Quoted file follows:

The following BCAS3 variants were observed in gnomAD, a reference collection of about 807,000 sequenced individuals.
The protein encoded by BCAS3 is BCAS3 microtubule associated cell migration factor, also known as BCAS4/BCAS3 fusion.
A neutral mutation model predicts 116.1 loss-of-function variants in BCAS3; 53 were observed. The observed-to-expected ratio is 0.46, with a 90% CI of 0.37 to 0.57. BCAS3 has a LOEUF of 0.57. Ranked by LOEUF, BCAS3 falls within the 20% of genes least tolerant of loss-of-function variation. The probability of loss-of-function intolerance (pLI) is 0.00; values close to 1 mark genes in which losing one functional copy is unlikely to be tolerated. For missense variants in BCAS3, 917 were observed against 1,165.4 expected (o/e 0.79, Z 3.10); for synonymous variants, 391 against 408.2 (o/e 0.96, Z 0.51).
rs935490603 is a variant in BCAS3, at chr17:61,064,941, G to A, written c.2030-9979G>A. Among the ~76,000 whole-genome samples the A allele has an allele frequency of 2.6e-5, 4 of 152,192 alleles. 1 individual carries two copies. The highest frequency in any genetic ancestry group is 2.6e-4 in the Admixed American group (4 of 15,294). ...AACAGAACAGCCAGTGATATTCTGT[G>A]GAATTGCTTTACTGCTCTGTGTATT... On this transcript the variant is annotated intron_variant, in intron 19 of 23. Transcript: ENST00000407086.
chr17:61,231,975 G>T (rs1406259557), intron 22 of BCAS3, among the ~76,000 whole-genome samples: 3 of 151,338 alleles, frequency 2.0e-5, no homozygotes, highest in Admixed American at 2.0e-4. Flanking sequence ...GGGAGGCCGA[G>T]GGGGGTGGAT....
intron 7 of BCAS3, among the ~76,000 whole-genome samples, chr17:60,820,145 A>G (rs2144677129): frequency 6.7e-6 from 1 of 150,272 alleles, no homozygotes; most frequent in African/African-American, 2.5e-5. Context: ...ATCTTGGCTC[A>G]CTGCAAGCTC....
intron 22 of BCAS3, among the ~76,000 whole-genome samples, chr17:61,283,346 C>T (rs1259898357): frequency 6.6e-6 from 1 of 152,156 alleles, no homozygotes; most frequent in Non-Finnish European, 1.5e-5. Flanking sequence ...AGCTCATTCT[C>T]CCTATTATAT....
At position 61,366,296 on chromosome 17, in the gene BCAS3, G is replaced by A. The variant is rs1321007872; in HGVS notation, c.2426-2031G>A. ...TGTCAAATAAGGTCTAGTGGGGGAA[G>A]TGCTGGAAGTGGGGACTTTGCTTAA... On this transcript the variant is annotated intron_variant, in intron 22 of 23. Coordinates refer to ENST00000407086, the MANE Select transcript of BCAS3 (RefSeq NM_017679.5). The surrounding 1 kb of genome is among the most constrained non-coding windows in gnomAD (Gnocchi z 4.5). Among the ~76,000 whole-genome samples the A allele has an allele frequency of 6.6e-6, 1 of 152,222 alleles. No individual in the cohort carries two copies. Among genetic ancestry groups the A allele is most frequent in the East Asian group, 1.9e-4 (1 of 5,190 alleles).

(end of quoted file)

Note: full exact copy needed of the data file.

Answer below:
The following BCAS3 variants were observed in gnomAD, a reference collection of about 807,000 sequenced individuals.
The protein encoded by BCAS3 is BCAS3 microtubule associated cell migration factor, also known as BCAS4/BCAS3 fusion.
A neutral mutation model predicts 116.1 loss-of-function variants in BCAS3; 53 were observed. The observed-to-expected ratio is 0.46, with a 90% CI of 0.37 to 0.57. BCAS3 has a LOEUF of 0.57. Ranked by LOEUF, BCAS3 falls within the 20% of genes least tolerant of loss-of-function variation. The probability of loss-of-function intolerance (pLI) is 0.00; values close to 1 mark genes in which losing one functional copy is unlikely to be tolerated. For missense variants in BCAS3, 917 were observed against 1,165.4 expected (o/e 0.79, Z 3.10); for synonymous variants, 391 against 408.2 (o/e 0.96, Z 0.51).
rs935490603 is a variant in BCAS3, at chr17:61,064,941, G to A, written c.2030-9979G>A. Among the ~76,000 whole-genome samples the A allele has an allele frequency of 2.6e-5, 4 of 152,192 alleles. 1 individual carries two copies. The highest frequency in any genetic ancestry group is 2.6e-4 in the Admixed American group (4 of 15,294). ...AACAGAACAGCCAGTGATATTCTGT[G>A]GAATTGCTTTACTGCTCTGTGTATT... On this transcript the variant is annotated intron_variant, in intron 19 of 23. Transcript: ENST00000407086.
chr17:61,231,975 G>T (rs1406259557), intron 22 of BCAS3, among the ~76,000 whole-genome samples: 3 of 151,338 alleles, frequency 2.0e-5, no homozygotes, highest in Admixed American at 2.0e-4. Flanking sequence ...GGGAGGCCGA[G>T]GGGGGTGGAT....
intron 7 of BCAS3, among the ~76,000 whole-genome samples, chr17:60,820,145 A>G (rs2144677129): frequency 6.7e-6 from 1 of 150,272 alleles, no homozygotes; most frequent in African/African-American, 2.5e-5. Context: ...ATCTTGGCTC[A>G]CTGCAAGCTC....
intron 22 of BCAS3, among the ~76,000 whole-genome samples, chr17:61,283,346 C>T (rs1259898357): frequency 6.6e-6 from 1 of 152,156 alleles, no homozygotes; most frequent in Non-Finnish European, 1.5e-5. Flanking sequence ...AGCTCATTCT[C>T]CCTATTATAT....
At position 61,366,296 on chromosome 17, in the gene BCAS3, G is replaced by A. The variant is rs1321007872; in HGVS notation, c.2426-2031G>A. ...TGTCAAATAAGGTCTAGTGGGGGAA[G>A]TGCTGGAAGTGGGGACTTTGCTTAA... On this transcript the variant is annotated intron_variant, in intron 22 of 23. Coordinates refer to ENST00000407086, the MANE Select transcript of BCAS3 (RefSeq NM_017679.5). The surrounding 1 kb of genome is among the most constrained non-coding windows in gnomAD (Gnocchi z 4.5). Among the ~76,000 whole-genome samples the A allele has an allele frequency of 6.6e-6, 1 of 152,222 alleles. No individual in the cohort carries two copies. Among genetic ancestry groups the A allele is most frequent in the East Asian group, 1.9e-4 (1 of 5,190 alleles).